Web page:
Poke Milkweed
Asclepias exaltata
Milkweed family (Asclepiadaceae)

Description: This perennial wildflower is 2-6' tall and usually unbranched. The central stem is light green to purplish green, terete, and glabrous. Opposite pairs of leaves about 3-8" long and 1-3" across occur along this stem; they are lanceolate-elliptic to ovate and smooth along their margins. Both the tips and bottoms of the leaves are wedge-shaped, rather than rounded. The upper leaf surface is medium to dark green and glabrous, while the lower surface is pale to medium green and glabrous (or nearly so). The leaves are widely spreading and remain more or less the same size along the stem. The distinct petioles are -2" long and light green. The foliage contains a milky latex.

The stem terminates in one or more umbels of flowers spanning 2-4" across. The umbels are relatively open and the flowers droop somewhat from their pedicels. Each flower is about " across and " long, consisting of 5 petals that hang downward, 5 curved cylindrical hoods that surround a central column, and the reproductive organs. The insignificant sepals are hidden by the petals. Each hood has an exerted horn. The flowers are bicolored: the petals are green or pale purple, while the hoods and column are white or light pink. The slender pedicels are 1-2" long, light green, and either glabrous or minutely short-pubescent. The blooming period occurs during the summer for about a month. Afterwards, fertile flowers are replaced by erect seedpods (follicles) that are up to 6" long and " across; they are narrowly lanceoloid in shape. During the fall, each seedpod splits open along one side to release its seeds. The seeds have tufts of hair at their apices; they are distributed by the wind. The root system consists of a taproot.

Cultivation: The preference is partial or dappled sunlight, mesic conditions, and a rich loam or sandy loam with organic matter. The location should be protected from prevailing winds.

Range & Habitat: Poke Milkweed is widely distributed across Illinois, but it is relatively uncommon. Illinois lies along the western range limit of this species. Habitats consist of woodland openings, rich mesic woodlands, sandy woodlands, upland rocky woodlands, wooded slopes, areas along paths in woodlands, and woodland borders. Poke Milkweed is found in deciduous woodlands where oaks, maples, and similar trees are dominant.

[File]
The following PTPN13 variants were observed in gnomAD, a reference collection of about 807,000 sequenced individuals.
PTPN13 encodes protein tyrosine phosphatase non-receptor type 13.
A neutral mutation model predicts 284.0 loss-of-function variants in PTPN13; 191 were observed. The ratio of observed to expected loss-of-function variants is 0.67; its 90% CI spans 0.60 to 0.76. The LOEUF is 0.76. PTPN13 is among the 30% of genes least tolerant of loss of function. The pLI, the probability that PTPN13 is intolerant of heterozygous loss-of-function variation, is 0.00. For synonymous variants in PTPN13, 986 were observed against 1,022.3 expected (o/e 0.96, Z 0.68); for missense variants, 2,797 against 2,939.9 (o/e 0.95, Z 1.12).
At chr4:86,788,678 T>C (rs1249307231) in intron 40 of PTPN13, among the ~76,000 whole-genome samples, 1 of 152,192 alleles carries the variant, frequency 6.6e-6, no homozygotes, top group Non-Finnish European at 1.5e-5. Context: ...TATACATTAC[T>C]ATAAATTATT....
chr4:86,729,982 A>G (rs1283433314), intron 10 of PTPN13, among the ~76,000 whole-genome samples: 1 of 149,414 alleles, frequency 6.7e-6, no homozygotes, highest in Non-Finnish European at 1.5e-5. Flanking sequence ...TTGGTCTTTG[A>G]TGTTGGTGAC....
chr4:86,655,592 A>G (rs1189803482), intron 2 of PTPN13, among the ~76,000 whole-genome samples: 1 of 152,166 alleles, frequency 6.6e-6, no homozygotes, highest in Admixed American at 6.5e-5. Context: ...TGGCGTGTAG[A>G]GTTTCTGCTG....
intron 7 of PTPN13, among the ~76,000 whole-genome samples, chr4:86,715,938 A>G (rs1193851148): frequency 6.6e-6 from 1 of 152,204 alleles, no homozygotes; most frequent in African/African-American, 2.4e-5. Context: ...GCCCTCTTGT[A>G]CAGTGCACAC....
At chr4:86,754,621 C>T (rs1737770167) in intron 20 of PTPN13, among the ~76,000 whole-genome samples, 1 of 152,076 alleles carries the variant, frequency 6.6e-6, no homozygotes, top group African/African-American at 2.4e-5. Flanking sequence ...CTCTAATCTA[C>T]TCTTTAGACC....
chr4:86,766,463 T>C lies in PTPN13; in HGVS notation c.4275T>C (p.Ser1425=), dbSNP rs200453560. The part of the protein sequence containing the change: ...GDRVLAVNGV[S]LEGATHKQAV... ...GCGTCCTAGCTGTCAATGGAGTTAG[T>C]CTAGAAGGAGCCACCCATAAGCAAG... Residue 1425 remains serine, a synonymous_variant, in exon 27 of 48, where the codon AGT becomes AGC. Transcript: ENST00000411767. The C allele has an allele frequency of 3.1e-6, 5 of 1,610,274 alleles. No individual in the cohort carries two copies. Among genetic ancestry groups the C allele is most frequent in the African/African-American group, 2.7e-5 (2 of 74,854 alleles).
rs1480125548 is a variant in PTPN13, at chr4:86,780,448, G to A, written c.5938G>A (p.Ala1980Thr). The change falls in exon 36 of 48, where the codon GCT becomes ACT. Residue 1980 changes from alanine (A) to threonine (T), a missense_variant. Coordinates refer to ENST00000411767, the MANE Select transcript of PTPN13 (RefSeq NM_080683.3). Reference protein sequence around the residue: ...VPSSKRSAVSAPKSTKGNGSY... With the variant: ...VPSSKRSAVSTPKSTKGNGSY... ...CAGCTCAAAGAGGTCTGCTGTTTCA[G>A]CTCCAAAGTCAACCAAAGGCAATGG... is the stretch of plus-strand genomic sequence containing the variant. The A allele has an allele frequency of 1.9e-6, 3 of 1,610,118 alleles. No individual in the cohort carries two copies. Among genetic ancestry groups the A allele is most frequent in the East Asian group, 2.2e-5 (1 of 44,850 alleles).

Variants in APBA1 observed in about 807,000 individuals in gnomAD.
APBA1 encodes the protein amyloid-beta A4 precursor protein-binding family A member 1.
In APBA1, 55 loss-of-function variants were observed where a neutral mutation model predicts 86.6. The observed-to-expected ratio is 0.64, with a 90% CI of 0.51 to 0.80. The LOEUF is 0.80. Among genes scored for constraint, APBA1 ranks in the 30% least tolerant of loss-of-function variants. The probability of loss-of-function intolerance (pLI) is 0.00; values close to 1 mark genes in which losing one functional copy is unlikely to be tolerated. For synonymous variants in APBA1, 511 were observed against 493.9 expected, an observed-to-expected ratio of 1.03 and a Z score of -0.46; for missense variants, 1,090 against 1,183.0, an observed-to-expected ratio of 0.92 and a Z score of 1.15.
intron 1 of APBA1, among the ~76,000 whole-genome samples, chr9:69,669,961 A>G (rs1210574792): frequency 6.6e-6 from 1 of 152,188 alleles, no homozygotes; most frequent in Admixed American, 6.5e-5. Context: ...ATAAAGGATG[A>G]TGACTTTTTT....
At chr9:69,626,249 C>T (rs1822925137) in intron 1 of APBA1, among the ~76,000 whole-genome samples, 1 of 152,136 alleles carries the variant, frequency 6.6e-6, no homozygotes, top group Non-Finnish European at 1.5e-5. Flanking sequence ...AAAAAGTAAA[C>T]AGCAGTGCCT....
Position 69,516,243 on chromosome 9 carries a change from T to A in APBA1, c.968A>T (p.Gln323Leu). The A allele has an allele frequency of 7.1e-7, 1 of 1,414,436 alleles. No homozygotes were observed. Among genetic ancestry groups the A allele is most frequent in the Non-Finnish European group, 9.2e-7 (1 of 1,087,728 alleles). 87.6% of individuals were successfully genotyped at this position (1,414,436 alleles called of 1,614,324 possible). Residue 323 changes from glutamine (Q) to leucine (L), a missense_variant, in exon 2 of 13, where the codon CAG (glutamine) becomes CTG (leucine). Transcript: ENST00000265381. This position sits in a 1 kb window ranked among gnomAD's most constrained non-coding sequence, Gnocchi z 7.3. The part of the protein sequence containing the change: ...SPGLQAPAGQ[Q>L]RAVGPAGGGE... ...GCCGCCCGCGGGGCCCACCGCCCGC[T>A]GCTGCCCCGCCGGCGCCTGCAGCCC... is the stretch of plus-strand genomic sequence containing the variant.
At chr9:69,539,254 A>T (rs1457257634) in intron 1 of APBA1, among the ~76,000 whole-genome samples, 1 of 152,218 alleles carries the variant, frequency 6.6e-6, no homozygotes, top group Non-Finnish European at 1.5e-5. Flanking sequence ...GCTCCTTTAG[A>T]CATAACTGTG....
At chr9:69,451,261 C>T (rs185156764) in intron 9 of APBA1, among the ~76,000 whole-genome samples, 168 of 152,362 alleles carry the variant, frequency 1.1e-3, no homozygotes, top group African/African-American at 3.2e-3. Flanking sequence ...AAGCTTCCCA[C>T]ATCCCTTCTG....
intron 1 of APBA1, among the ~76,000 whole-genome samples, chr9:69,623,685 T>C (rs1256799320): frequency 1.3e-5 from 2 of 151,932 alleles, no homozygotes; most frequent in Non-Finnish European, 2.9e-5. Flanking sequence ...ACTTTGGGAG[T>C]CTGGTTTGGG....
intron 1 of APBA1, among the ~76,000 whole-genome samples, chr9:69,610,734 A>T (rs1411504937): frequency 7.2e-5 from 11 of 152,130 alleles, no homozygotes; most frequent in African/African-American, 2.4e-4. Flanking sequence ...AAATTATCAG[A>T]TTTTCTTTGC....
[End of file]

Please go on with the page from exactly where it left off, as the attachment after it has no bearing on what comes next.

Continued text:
Faunal Associations: The flowers of Poke Milkweed attract bumblebees and butterflies, including the Monarch and Great Spangle Fritillary butterflies. These insects suck nectar from the flowers. Other insects feed on the foliage, flower tissues, seedpods, pith of the stems, or plant juices. The following beetles have been found on Poke Milkweed: Chrysochus auratus (Dogbane Beetle) and Labidomera clivicollis (Swamp Milkweed Leaf Beetle). Other insects that feed on milkweeds (Asclepias spp.) include larvae of Tetraopes basalis (Milkweed Longhorn) and Tetraopes tetrophthalmus (Red Milkweed Beetle), larvae of Rhyssomatus lineaticollis (Milkweed Stem Weevil), Lygaeus kalmii (Small Milkweed Bug) and Oncopeltus fasciatus (Large Milkweed Bug), Aphis asclepiadis and other aphids, caterpillars of the moths Cycnia inopinatus (Unexpected Cycnia) and Cycnia tenera (Delicate Cycnia), and caterpillars of the butterfly Danaus plexippus (Monarch). Mammalian herbivores usually avoid consumption of milkweeds because their foliage contains toxic cardiac glycosides and it is bitter-tasting.

Photographic Location: Along a path in a sandy woodland at the Indiana Dunes State Park in NW Indiana.

This is a tall-growing milkweed with unusual bicolored flowers. In Illinois, only Swamp Milkweed (Asclepias incarnata) and Common Milkweed (Asclepias syriaca) are as tall and their flowers are usually more unicolored. In some areas of the United States, Poke Milkweed has been known to hybridize with Common Milkweed, producing plants with intermediate characteristics. So far, such hybrid plants have not been observed in Illinois. The common name, Poke Milkweed, refers to a junior synonym of this species, Asclepias phytolaccoides. This latter scientific name was no doubt inspired by the superficial resemblance of this milkweed's leaves to those of an unrelated species, Pokeweed (Phytolacca americana).